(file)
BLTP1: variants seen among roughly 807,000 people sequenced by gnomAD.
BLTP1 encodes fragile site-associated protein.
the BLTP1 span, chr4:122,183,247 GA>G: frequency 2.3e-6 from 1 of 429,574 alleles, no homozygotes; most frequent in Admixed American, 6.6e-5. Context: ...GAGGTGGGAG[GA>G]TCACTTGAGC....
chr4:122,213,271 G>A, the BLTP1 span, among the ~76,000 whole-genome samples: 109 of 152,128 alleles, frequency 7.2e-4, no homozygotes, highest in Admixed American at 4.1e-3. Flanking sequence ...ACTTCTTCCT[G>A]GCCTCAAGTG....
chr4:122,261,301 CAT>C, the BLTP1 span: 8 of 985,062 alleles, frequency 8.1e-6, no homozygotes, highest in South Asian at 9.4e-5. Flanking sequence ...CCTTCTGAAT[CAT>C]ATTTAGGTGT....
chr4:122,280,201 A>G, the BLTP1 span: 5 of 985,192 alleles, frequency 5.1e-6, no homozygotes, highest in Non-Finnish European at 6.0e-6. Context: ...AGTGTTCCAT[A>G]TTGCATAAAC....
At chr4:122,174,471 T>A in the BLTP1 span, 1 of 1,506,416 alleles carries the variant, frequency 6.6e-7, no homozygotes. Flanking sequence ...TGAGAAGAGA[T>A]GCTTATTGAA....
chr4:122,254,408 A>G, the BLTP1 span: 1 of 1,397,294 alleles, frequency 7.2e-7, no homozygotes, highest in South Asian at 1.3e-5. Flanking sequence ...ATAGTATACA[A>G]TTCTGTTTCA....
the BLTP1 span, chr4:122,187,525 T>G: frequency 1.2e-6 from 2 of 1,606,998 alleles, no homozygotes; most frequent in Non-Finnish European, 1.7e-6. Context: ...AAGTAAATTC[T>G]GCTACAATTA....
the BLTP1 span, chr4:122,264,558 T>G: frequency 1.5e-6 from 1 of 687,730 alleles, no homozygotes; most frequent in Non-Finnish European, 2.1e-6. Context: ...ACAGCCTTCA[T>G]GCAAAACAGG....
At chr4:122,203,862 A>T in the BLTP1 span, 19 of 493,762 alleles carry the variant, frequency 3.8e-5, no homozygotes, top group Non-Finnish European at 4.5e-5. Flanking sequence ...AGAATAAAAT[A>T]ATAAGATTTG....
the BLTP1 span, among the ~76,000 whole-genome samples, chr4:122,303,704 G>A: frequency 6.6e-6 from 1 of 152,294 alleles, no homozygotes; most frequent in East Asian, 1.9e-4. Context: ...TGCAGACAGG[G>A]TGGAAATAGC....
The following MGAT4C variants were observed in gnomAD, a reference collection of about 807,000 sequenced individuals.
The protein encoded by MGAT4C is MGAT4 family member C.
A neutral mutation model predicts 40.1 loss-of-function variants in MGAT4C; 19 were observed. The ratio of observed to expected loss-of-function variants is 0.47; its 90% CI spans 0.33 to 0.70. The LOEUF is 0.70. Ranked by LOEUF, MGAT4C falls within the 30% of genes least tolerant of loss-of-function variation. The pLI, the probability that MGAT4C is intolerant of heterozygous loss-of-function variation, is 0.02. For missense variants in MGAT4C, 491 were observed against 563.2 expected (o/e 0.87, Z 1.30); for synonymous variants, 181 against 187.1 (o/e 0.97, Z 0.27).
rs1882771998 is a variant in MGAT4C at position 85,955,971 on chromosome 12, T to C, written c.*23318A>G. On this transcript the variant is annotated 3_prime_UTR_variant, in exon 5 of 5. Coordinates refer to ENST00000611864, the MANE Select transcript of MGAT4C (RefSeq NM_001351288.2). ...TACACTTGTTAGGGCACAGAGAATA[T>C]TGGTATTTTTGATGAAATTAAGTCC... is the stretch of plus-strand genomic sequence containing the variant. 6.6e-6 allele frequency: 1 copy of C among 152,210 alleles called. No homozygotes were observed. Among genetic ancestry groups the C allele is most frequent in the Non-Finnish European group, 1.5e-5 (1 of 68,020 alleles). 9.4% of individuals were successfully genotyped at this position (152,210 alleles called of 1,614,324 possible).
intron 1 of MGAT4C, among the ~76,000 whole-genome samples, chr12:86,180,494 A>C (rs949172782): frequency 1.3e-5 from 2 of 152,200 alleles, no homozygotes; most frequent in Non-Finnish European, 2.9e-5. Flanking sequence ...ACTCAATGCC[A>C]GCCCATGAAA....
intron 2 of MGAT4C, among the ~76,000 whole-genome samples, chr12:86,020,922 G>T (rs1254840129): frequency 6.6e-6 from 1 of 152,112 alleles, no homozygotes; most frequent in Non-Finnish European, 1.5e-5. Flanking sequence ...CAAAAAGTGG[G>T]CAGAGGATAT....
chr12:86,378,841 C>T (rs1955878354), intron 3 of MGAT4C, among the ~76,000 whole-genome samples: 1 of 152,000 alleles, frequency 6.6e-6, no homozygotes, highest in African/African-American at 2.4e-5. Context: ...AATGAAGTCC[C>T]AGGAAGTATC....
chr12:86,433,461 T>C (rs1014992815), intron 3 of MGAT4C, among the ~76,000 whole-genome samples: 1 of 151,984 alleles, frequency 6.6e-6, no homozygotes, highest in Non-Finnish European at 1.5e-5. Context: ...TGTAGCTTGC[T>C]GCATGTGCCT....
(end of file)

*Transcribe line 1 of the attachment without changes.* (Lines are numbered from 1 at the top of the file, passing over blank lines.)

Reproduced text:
BLTP1: variants seen among roughly 807,000 people sequenced by gnomAD.